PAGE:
Opinion | John Shattuck

The war on voting rights

Voters cast their ballots early for the midterm elections at the Government & Judicial Center in Noblesville, Ind., Tuesday, Oct. 23, 2018. (AP Photo/Michael Conroy)
AP Photo/Michael Conroy
Voters cast their ballots early for the midterm elections in Noblesville, Ind., on Oct. 23, 2018.

Eight years ago, on the eve of the 2010 midterm elections, Senate majority leader Mitch McConnell declared that “the single most important thing we want to achieve is for President Obama to be a one-term president.”

McConnell’s declaration of war on the Obama presidency ushered in the age of extreme obstruction and polarization in Congress. It also foreshadowed an eight-year Republican campaign to suppress or dilute voting by the coalition that elected Obama. That effort has intensified in the Trump era and is targeted at groups with low or uneven voting participation rates, especially minorities, young people, and immigrants.

Two weapons of voter suppression have been used to achieve the Trump-McConnell goal of undermining opposing votes at the polling booth — voting restrictions and gerrymandering.


After more than a century of struggles to expand voting rights for women, minorities, young people, and new citizens, the voter suppression campaign has reversed this long-term expansive trend. Since 2010, scores of new restrictions have been imposed on voters in 24 states, most of which have Republican legislatures. According to a study by the Brennan Center for Justice, 13 states now have more restrictive ID laws than they did before, 11 make it harder to register, seven have cut back on early voting, and three make it more difficult to restore voting rights for people with felony convictions.

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A particularly invidious voting impediment is today’s stepped-up purging of voter rolls. On its face, purging looks like a benign way to ensure that voting lists are up to date, but a purge is only as good as the information on which it’s based. In Virginia, for example, nearly 39,000 voters were removed from the rolls in 2013 on the basis of inaccurate information that they had moved out of the state.

Between 2014 and 2016, 16 million voters were purged from state rolls across the country. The only way to challenge a purge is to produce the kind of documentation now required by the stricter state voting laws. Any minor discrepancy between a name purged and the documentation will fail the “exact match” test of states like Georgia, where a new study shows that “exact match” could result in the disenfranchisement of hundreds of thousands of voters.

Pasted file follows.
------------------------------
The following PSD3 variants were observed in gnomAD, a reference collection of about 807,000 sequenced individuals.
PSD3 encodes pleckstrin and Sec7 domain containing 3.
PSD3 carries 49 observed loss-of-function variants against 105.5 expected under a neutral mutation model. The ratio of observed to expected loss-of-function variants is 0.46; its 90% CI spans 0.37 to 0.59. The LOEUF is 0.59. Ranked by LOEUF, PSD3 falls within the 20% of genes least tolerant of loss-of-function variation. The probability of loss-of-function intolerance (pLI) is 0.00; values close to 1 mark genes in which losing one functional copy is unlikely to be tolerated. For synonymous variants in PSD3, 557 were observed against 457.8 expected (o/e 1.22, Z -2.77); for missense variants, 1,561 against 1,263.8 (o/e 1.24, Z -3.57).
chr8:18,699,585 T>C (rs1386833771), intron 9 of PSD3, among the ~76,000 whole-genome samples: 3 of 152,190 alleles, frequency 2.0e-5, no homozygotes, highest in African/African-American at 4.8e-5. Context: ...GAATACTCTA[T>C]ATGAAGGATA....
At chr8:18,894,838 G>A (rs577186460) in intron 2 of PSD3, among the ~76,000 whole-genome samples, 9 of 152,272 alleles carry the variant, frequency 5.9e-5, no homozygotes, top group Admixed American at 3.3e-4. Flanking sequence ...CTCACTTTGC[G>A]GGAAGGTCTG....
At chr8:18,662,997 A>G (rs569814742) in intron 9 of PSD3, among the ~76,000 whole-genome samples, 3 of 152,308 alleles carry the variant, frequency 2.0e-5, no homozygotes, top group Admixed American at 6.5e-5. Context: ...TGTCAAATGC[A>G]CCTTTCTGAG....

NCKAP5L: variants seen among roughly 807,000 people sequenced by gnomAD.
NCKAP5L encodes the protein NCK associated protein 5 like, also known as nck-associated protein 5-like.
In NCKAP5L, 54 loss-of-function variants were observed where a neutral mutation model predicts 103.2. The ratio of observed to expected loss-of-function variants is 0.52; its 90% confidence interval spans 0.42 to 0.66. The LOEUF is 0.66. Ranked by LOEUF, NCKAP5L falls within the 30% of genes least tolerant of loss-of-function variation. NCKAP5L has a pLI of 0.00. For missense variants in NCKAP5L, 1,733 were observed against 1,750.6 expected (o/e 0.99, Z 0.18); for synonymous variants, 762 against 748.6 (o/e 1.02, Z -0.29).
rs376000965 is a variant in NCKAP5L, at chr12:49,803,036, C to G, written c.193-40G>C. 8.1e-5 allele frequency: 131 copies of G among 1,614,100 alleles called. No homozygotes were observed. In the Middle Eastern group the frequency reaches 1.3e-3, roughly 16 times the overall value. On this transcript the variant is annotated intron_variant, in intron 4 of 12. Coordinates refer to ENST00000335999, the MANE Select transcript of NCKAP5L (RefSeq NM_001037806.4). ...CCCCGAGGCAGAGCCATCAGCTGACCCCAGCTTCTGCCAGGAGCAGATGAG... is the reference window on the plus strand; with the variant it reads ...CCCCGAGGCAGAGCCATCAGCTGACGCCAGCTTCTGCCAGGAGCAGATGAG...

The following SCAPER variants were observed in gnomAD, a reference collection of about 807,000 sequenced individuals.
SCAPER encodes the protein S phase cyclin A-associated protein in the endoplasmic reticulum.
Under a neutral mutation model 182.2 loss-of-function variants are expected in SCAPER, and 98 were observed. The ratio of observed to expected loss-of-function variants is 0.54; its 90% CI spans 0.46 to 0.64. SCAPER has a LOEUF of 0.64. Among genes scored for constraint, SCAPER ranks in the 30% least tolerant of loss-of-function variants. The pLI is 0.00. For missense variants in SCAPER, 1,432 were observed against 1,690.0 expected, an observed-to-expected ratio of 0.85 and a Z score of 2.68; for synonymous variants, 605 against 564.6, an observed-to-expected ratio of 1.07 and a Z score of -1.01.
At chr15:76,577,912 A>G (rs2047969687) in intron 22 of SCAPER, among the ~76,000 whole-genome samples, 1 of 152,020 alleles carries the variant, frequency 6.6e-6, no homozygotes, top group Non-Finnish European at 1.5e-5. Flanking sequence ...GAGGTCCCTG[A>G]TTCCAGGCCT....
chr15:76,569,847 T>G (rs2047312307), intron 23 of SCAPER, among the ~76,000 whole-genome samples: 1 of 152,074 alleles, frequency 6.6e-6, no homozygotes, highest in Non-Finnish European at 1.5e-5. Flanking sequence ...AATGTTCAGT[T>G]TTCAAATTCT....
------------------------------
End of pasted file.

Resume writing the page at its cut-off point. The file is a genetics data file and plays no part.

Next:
The impact of these restrictions falls most heavily on groups targeted by the voter suppression campaign. This is especially true for minority voters, who no longer have the protection of a key provision of the Voting Rights Act of 1965 that mandated Justice Department “preclearance” of new voting regulations. This historic civil rights law was struck down by the Supreme Court as “outdated” in 2013.

Gerrymandering is a companion weapon of voter suppression. An aggressive gerrymandering campaign was launched in 2010 by the suppression movement. Aided by a Supreme Court decision that year invalidating all restrictions on campaign spending, independent political action committees tied to the Republican Party poured unlimited funding into efforts to elect Republican governors and legislatures. The success of this program in 10 states powered a wholesale redistricting campaign favoring Republican candidates and diluting the votes of Democrats.


The gerrymandering campaign, Redistricting Majority Project, “REDMAP,” was spearheaded by the Republican State Leadership Committee. Its goal was take over state legislatures before the decennial census and redraw congressional and state districts to lock in partisan advantages. REDMAP achieved new majorities in 10 states. It then employed sophisticated software techniques such as Maptitude to redraw districts favorable to Republicans, diluting the votes of Democrats by clustering them into a few districts.

The results were spectacular. In 2012, Republicans won control of the House of Representatives by a 234-to-201 margin, despite receiving 1.4 million fewer votes than Democrats. Almost 2 million Democratic votes were wasted by being packed into gerrymandered districts. In Michigan, for example, Democrats received 240,000 more votes than Republicans, but as a result of the Republican gerrymandering campaign the state congressional delegation became 9-5 Republican.

The Republican voter suppression movement is skewering democracy, contributing to the polarization and gridlock that have become hallmarks of American politics. Fortunately, there is now a counter-movement working to restore the primacy and equality of voting rights. The gold standard of reform is automatic voter registration, guaranteeing the right to vote for all citizens who interact in any way with government agencies. Since 2015, 13 states and the District of Columbia have adopted automatic registration, which is being pressed across the country by the reform movement. Meanwhile, an anti-gerrymandering movement is gathering steam, spurred on by ballot initiatives and court decisions mandating nonpartisan mapping of legislative districts.

The moral father of the expanded right to vote, Martin Luther King Jr. once declared that “voting is the foundation stone for political action.” The 2018 midterm elections offer a golden opportunity for political action to reinforce that right.

John Shattuck is a senior fellow at the Harvard Kennedy School Carr Center for Human Rights Policy, and professor of practice in diplomacy at the Fletcher School of Law and Diplomacy.